What level of BUN indicates kidney failure?

What is the BUN level for kidney failure? – A level surpassing the BUN normal range of 6-20 mg/dL indicates kidney problems. If your BUN test shows extreme results, it might signal kidney failure. For example, a BUN level of 75 mg/dL is highly considered alarming.

Is it bad to have low creatinine?

Low values –

Low blood creatinine levels can mean lower muscle mass caused by a disease, such as muscular dystrophy, or by aging. Low levels can also mean some types of severe liver disease or a diet very low in protein. Pregnancy can also cause low levels. Low creatinine clearance levels can mean you have chronic kidney disease or serious kidney damage. Kidney damage can be from conditions such as a life-threatening infection, shock, cancer, low blood flow to the kidneys, or urinary tract blockage. Other conditions, such as heart failure and dehydration, can also cause low clearance levels. Low BUN-to-creatinine ratios may be linked with a diet low in protein, a severe muscle injury called rhabdomyolysis, pregnancy, cirrhosis, or syndrome of inappropriate antidiuretic hormone secretion (SIADH). SIADH sometimes occurs with lung disease, cancer, diseases of the central nervous system, or the use of certain medicines.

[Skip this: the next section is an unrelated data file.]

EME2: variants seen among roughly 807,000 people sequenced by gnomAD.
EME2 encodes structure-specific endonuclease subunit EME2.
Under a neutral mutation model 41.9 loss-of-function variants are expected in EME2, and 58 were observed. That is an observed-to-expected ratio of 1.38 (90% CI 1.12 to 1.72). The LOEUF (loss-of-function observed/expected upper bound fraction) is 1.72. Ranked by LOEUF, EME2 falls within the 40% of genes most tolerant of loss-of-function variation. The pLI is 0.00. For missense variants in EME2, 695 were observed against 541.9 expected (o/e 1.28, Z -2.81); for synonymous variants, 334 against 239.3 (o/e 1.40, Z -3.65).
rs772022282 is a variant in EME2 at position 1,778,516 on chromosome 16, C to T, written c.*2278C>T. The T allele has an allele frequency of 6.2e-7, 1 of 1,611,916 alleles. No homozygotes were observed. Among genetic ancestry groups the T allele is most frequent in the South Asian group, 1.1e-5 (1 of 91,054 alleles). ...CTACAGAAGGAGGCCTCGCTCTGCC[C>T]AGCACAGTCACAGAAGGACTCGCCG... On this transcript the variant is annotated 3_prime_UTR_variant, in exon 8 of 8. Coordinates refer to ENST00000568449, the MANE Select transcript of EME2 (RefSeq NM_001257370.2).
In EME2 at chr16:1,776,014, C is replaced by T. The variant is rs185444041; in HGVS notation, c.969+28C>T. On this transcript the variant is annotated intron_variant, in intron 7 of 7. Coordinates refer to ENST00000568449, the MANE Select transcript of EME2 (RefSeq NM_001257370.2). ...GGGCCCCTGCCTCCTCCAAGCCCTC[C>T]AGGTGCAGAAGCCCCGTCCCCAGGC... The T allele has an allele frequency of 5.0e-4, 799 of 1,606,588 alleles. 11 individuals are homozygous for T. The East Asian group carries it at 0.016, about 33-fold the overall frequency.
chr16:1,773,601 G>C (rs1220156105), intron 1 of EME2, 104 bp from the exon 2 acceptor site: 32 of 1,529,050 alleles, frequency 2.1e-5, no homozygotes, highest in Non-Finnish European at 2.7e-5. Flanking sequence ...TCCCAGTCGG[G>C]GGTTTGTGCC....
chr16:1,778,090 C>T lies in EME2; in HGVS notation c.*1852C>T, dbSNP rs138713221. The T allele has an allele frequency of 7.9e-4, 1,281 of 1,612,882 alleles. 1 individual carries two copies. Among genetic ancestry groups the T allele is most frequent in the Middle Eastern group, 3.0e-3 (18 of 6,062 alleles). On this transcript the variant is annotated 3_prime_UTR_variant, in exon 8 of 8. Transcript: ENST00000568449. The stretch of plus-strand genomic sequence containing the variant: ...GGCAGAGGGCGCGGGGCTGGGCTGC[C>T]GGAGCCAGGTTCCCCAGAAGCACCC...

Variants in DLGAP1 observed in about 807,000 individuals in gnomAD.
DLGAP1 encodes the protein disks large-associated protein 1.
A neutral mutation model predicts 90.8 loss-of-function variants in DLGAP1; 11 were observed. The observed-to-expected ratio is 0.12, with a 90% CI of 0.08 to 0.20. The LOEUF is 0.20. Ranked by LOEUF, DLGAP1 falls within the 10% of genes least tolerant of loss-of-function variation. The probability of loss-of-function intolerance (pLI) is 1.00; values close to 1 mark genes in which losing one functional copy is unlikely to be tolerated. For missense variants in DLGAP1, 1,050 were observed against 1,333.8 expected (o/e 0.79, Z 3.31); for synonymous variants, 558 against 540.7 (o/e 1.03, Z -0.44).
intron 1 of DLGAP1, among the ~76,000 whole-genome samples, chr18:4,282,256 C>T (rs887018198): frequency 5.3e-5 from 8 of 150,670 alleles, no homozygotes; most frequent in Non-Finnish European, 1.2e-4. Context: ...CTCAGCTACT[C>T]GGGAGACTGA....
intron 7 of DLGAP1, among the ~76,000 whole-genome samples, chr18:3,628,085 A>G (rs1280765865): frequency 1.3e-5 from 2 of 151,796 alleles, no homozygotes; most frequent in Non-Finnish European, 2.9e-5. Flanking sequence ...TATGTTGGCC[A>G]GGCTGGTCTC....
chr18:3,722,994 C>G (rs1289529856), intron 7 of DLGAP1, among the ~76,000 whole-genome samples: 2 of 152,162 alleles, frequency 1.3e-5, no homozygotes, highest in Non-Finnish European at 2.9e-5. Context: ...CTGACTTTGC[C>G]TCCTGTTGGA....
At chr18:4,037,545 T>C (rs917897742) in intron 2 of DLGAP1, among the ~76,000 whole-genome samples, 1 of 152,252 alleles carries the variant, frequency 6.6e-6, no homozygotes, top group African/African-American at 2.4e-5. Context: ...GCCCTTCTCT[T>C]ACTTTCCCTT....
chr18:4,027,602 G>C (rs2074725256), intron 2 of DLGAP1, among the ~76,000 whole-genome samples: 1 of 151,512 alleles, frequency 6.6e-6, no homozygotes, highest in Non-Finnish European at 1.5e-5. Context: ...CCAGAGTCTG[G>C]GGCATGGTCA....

Can exercise increase BUN levels?

Abstract – Examination of 19 serum biochemical and hematologic parameters in a group of white male runners, ranging in age from 23 to 47 years, just prior to and immediately after a 13-mile “mini-marathon,” demonstrated a significant increase, by paired Student t-test, in mean values of: K+, BUN, creatinine, CK, LDH, AST (SGOT), alkaline phosphatase, bilirubin, uric acid and leukocyte counts.